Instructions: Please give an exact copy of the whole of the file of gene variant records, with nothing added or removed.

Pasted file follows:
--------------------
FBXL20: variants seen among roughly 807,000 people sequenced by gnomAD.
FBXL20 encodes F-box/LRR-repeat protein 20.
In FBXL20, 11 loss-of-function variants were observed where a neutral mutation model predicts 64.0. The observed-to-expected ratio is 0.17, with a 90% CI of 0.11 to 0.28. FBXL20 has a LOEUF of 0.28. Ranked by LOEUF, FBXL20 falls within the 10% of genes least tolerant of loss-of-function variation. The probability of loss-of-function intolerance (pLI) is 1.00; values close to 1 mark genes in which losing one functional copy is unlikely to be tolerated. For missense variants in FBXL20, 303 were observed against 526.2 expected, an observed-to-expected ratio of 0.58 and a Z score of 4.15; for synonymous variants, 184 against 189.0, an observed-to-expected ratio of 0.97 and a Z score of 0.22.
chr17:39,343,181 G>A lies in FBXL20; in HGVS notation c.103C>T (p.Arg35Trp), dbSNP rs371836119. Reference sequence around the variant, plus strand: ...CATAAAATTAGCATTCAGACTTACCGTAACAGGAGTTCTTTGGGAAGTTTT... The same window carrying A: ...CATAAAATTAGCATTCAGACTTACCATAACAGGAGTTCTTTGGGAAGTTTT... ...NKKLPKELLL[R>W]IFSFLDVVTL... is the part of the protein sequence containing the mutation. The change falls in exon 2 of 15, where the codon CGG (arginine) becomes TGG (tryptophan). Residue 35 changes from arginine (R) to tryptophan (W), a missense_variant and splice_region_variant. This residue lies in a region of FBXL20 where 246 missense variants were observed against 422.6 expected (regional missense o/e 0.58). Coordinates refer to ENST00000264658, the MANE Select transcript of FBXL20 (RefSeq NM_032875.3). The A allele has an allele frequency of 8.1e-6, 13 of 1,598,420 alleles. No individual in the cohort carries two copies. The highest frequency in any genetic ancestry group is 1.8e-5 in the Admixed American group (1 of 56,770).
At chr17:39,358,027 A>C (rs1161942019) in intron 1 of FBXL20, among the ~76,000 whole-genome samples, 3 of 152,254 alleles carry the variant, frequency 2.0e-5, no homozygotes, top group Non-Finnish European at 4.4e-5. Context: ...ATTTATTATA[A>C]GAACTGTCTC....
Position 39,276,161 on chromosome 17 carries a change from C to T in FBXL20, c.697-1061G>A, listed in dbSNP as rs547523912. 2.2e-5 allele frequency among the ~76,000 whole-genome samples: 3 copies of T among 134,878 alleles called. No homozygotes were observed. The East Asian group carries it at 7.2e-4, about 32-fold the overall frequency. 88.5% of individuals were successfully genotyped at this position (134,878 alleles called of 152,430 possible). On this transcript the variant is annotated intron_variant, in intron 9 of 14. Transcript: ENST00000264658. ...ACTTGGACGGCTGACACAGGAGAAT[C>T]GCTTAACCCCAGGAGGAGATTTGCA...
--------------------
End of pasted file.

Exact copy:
FBXL20: variants seen among roughly 807,000 people sequenced by gnomAD.
FBXL20 encodes F-box/LRR-repeat protein 20.
In FBXL20, 11 loss-of-function variants were observed where a neutral mutation model predicts 64.0. The observed-to-expected ratio is 0.17, with a 90% CI of 0.11 to 0.28. FBXL20 has a LOEUF of 0.28. Ranked by LOEUF, FBXL20 falls within the 10% of genes least tolerant of loss-of-function variation. The probability of loss-of-function intolerance (pLI) is 1.00; values close to 1 mark genes in which losing one functional copy is unlikely to be tolerated. For missense variants in FBXL20, 303 were observed against 526.2 expected, an observed-to-expected ratio of 0.58 and a Z score of 4.15; for synonymous variants, 184 against 189.0, an observed-to-expected ratio of 0.97 and a Z score of 0.22.
chr17:39,343,181 G>A lies in FBXL20; in HGVS notation c.103C>T (p.Arg35Trp), dbSNP rs371836119. Reference sequence around the variant, plus strand: ...CATAAAATTAGCATTCAGACTTACCGTAACAGGAGTTCTTTGGGAAGTTTT... The same window carrying A: ...CATAAAATTAGCATTCAGACTTACCATAACAGGAGTTCTTTGGGAAGTTTT... ...NKKLPKELLL[R>W]IFSFLDVVTL... is the part of the protein sequence containing the mutation. The change falls in exon 2 of 15, where the codon CGG (arginine) becomes TGG (tryptophan). Residue 35 changes from arginine (R) to tryptophan (W), a missense_variant and splice_region_variant. This residue lies in a region of FBXL20 where 246 missense variants were observed against 422.6 expected (regional missense o/e 0.58). Coordinates refer to ENST00000264658, the MANE Select transcript of FBXL20 (RefSeq NM_032875.3). The A allele has an allele frequency of 8.1e-6, 13 of 1,598,420 alleles. No individual in the cohort carries two copies. The highest frequency in any genetic ancestry group is 1.8e-5 in the Admixed American group (1 of 56,770).
At chr17:39,358,027 A>C (rs1161942019) in intron 1 of FBXL20, among the ~76,000 whole-genome samples, 3 of 152,254 alleles carry the variant, frequency 2.0e-5, no homozygotes, top group Non-Finnish European at 4.4e-5. Context: ...ATTTATTATA[A>C]GAACTGTCTC....
Position 39,276,161 on chromosome 17 carries a change from C to T in FBXL20, c.697-1061G>A, listed in dbSNP as rs547523912. 2.2e-5 allele frequency among the ~76,000 whole-genome samples: 3 copies of T among 134,878 alleles called. No homozygotes were observed. The East Asian group carries it at 7.2e-4, about 32-fold the overall frequency. 88.5% of individuals were successfully genotyped at this position (134,878 alleles called of 152,430 possible). On this transcript the variant is annotated intron_variant, in intron 9 of 14. Transcript: ENST00000264658. ...ACTTGGACGGCTGACACAGGAGAAT[C>T]GCTTAACCCCAGGAGGAGATTTGCA...